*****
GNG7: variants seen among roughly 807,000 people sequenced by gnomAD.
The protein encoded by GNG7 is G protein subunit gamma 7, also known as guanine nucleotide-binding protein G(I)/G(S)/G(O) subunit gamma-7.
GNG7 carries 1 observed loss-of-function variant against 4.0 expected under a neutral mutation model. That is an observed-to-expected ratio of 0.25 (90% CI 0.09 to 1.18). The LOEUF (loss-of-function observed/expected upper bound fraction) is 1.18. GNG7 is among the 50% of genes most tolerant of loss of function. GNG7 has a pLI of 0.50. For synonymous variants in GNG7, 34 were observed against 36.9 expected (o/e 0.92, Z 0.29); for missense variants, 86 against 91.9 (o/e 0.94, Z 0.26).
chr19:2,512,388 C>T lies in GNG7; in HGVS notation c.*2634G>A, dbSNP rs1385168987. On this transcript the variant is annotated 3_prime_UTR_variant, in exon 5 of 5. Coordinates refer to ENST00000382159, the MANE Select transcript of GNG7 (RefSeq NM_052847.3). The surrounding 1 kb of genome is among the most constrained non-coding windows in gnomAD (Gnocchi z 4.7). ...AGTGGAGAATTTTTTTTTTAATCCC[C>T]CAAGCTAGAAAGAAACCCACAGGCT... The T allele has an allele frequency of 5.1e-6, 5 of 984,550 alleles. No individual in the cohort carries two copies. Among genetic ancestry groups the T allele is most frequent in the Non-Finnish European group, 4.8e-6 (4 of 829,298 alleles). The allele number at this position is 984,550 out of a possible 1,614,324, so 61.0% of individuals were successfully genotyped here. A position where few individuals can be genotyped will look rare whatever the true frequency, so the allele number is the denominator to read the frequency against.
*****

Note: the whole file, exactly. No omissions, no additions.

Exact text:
GNG7: variants seen among roughly 807,000 people sequenced by gnomAD.
The protein encoded by GNG7 is G protein subunit gamma 7, also known as guanine nucleotide-binding protein G(I)/G(S)/G(O) subunit gamma-7.
GNG7 carries 1 observed loss-of-function variant against 4.0 expected under a neutral mutation model. That is an observed-to-expected ratio of 0.25 (90% CI 0.09 to 1.18). The LOEUF (loss-of-function observed/expected upper bound fraction) is 1.18. GNG7 is among the 50% of genes most tolerant of loss of function. GNG7 has a pLI of 0.50. For synonymous variants in GNG7, 34 were observed against 36.9 expected (o/e 0.92, Z 0.29); for missense variants, 86 against 91.9 (o/e 0.94, Z 0.26).
chr19:2,512,388 C>T lies in GNG7; in HGVS notation c.*2634G>A, dbSNP rs1385168987. On this transcript the variant is annotated 3_prime_UTR_variant, in exon 5 of 5. Coordinates refer to ENST00000382159, the MANE Select transcript of GNG7 (RefSeq NM_052847.3). The surrounding 1 kb of genome is among the most constrained non-coding windows in gnomAD (Gnocchi z 4.7). ...AGTGGAGAATTTTTTTTTTAATCCC[C>T]CAAGCTAGAAAGAAACCCACAGGCT... The T allele has an allele frequency of 5.1e-6, 5 of 984,550 alleles. No individual in the cohort carries two copies. Among genetic ancestry groups the T allele is most frequent in the Non-Finnish European group, 4.8e-6 (4 of 829,298 alleles). The allele number at this position is 984,550 out of a possible 1,614,324, so 61.0% of individuals were successfully genotyped here. A position where few individuals can be genotyped will look rare whatever the true frequency, so the allele number is the denominator to read the frequency against.